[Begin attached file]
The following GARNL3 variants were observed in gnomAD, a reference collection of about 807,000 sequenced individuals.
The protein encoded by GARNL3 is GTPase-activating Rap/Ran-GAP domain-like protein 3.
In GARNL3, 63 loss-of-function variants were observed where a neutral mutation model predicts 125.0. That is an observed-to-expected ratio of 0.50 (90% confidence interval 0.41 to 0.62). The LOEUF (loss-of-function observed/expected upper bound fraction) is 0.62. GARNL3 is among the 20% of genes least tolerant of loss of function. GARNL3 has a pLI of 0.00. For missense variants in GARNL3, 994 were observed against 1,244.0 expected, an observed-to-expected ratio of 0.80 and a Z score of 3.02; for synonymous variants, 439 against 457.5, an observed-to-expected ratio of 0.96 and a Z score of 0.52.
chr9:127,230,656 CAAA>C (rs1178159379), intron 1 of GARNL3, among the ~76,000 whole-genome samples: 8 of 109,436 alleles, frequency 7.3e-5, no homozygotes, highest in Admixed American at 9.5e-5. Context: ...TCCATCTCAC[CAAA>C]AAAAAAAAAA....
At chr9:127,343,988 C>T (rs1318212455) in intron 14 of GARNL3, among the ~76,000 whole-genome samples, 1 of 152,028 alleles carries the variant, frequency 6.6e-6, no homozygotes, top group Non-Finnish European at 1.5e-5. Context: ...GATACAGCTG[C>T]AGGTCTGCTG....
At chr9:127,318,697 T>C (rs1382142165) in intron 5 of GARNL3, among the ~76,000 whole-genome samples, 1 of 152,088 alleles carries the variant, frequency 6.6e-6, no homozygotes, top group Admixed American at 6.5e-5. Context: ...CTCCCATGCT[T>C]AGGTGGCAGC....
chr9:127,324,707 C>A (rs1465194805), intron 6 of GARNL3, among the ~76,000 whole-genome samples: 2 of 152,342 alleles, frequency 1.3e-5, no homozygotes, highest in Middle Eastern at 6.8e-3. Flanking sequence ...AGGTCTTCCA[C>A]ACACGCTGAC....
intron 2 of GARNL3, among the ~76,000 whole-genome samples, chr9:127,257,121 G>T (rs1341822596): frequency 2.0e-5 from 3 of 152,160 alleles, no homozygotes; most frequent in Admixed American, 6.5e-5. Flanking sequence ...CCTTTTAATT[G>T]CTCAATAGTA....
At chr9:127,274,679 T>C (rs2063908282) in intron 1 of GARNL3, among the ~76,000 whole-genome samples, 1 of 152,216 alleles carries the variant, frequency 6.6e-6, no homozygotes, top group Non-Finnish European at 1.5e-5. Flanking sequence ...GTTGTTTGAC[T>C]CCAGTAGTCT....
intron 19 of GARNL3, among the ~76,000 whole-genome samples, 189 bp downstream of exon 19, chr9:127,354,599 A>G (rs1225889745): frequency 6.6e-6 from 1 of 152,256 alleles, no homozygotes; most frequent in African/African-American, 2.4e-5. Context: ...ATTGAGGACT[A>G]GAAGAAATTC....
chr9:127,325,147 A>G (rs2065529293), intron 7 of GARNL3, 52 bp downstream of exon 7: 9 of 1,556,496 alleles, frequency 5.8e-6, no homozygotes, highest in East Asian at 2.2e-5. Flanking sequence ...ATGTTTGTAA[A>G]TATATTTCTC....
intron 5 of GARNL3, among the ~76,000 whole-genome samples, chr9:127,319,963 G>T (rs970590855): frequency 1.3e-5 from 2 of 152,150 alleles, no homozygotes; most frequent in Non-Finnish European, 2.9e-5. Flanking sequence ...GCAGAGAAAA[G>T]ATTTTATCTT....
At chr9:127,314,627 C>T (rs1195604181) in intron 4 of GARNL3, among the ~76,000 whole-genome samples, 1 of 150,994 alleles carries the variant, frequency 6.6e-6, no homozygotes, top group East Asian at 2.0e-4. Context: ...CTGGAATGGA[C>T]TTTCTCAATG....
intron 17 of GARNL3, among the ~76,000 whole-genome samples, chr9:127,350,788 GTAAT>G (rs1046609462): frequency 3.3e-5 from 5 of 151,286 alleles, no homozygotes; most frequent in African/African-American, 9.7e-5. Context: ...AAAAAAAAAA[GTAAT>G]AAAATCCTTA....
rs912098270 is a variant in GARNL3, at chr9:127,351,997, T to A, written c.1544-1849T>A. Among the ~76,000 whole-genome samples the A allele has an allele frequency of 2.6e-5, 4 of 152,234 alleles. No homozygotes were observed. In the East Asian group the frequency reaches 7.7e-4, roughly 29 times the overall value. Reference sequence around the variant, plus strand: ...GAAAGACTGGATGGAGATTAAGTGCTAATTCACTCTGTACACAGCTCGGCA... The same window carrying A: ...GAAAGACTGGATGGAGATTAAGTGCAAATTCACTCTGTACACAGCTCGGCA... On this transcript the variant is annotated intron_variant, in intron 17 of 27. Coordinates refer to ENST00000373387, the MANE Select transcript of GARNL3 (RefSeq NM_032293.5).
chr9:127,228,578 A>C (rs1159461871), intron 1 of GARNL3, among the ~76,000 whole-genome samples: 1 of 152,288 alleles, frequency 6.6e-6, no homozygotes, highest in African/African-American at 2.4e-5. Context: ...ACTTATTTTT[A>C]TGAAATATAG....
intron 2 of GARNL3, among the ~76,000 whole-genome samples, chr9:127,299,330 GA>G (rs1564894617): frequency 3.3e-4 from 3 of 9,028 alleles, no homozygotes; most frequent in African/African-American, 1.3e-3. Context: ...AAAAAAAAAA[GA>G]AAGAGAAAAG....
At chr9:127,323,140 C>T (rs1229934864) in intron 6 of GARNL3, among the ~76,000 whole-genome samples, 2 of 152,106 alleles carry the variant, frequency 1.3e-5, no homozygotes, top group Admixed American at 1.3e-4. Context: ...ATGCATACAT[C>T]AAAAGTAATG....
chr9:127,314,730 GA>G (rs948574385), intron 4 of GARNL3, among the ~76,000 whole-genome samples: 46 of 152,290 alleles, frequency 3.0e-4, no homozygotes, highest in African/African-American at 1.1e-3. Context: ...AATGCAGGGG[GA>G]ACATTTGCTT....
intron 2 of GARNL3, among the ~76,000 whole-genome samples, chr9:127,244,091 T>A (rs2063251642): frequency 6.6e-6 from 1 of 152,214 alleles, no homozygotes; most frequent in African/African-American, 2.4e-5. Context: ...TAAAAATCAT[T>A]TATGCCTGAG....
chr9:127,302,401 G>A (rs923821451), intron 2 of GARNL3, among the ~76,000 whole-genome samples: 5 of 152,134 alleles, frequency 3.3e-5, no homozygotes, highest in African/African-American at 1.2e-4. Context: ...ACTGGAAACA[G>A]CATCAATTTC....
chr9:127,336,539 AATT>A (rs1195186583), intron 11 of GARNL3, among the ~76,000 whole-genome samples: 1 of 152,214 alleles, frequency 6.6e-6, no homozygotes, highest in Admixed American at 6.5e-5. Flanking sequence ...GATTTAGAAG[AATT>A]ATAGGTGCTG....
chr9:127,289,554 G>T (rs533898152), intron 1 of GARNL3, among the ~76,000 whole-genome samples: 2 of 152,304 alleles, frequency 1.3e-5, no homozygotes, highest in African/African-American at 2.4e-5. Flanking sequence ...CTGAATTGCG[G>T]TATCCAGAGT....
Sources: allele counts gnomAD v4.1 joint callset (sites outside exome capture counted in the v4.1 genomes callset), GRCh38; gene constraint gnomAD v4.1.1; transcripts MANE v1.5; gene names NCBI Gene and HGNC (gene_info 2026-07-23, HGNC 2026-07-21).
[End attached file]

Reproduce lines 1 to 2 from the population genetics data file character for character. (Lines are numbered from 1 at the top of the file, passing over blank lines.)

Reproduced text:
The following GARNL3 variants were observed in gnomAD, a reference collection of about 807,000 sequenced individuals.
The protein encoded by GARNL3 is GTPase-activating Rap/Ran-GAP domain-like protein 3.